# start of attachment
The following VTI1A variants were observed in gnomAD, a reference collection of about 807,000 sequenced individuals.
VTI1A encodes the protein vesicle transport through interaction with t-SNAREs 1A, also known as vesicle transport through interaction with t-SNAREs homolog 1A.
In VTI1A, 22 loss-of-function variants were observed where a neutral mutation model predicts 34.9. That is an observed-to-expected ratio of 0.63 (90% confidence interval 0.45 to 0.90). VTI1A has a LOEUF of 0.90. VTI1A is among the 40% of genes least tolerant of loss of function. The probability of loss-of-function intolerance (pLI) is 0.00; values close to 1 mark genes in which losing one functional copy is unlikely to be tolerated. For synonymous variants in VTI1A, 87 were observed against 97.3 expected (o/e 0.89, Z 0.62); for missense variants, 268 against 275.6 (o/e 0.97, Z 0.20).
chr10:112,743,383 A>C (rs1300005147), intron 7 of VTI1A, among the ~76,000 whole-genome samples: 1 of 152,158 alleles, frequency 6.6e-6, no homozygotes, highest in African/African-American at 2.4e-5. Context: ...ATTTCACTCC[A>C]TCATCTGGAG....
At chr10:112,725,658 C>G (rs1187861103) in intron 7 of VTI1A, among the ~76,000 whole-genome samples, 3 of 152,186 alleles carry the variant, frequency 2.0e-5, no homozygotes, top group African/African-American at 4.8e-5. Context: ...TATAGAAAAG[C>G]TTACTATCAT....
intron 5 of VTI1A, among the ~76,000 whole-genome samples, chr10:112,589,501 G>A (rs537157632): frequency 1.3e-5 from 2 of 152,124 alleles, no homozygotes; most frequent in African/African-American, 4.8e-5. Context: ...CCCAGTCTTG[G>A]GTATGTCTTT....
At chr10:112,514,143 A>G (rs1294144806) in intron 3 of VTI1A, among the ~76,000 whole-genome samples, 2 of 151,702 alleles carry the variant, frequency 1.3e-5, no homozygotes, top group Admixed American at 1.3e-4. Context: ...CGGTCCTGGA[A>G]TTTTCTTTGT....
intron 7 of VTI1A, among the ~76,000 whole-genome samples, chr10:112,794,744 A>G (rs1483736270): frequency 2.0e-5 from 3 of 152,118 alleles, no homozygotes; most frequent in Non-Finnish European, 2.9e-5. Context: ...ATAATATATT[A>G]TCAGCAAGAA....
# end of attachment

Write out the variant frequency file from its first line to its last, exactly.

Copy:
The following VTI1A variants were observed in gnomAD, a reference collection of about 807,000 sequenced individuals.
VTI1A encodes the protein vesicle transport through interaction with t-SNAREs 1A, also known as vesicle transport through interaction with t-SNAREs homolog 1A.
In VTI1A, 22 loss-of-function variants were observed where a neutral mutation model predicts 34.9. That is an observed-to-expected ratio of 0.63 (90% confidence interval 0.45 to 0.90). VTI1A has a LOEUF of 0.90. VTI1A is among the 40% of genes least tolerant of loss of function. The probability of loss-of-function intolerance (pLI) is 0.00; values close to 1 mark genes in which losing one functional copy is unlikely to be tolerated. For synonymous variants in VTI1A, 87 were observed against 97.3 expected (o/e 0.89, Z 0.62); for missense variants, 268 against 275.6 (o/e 0.97, Z 0.20).
chr10:112,743,383 A>C (rs1300005147), intron 7 of VTI1A, among the ~76,000 whole-genome samples: 1 of 152,158 alleles, frequency 6.6e-6, no homozygotes, highest in African/African-American at 2.4e-5. Context: ...ATTTCACTCC[A>C]TCATCTGGAG....
At chr10:112,725,658 C>G (rs1187861103) in intron 7 of VTI1A, among the ~76,000 whole-genome samples, 3 of 152,186 alleles carry the variant, frequency 2.0e-5, no homozygotes, top group African/African-American at 4.8e-5. Context: ...TATAGAAAAG[C>G]TTACTATCAT....
intron 5 of VTI1A, among the ~76,000 whole-genome samples, chr10:112,589,501 G>A (rs537157632): frequency 1.3e-5 from 2 of 152,124 alleles, no homozygotes; most frequent in African/African-American, 4.8e-5. Context: ...CCCAGTCTTG[G>A]GTATGTCTTT....
At chr10:112,514,143 A>G (rs1294144806) in intron 3 of VTI1A, among the ~76,000 whole-genome samples, 2 of 151,702 alleles carry the variant, frequency 1.3e-5, no homozygotes, top group Admixed American at 1.3e-4. Context: ...CGGTCCTGGA[A>G]TTTTCTTTGT....
intron 7 of VTI1A, among the ~76,000 whole-genome samples, chr10:112,794,744 A>G (rs1483736270): frequency 2.0e-5 from 3 of 152,118 alleles, no homozygotes; most frequent in Non-Finnish European, 2.9e-5. Context: ...ATAATATATT[A>G]TCAGCAAGAA....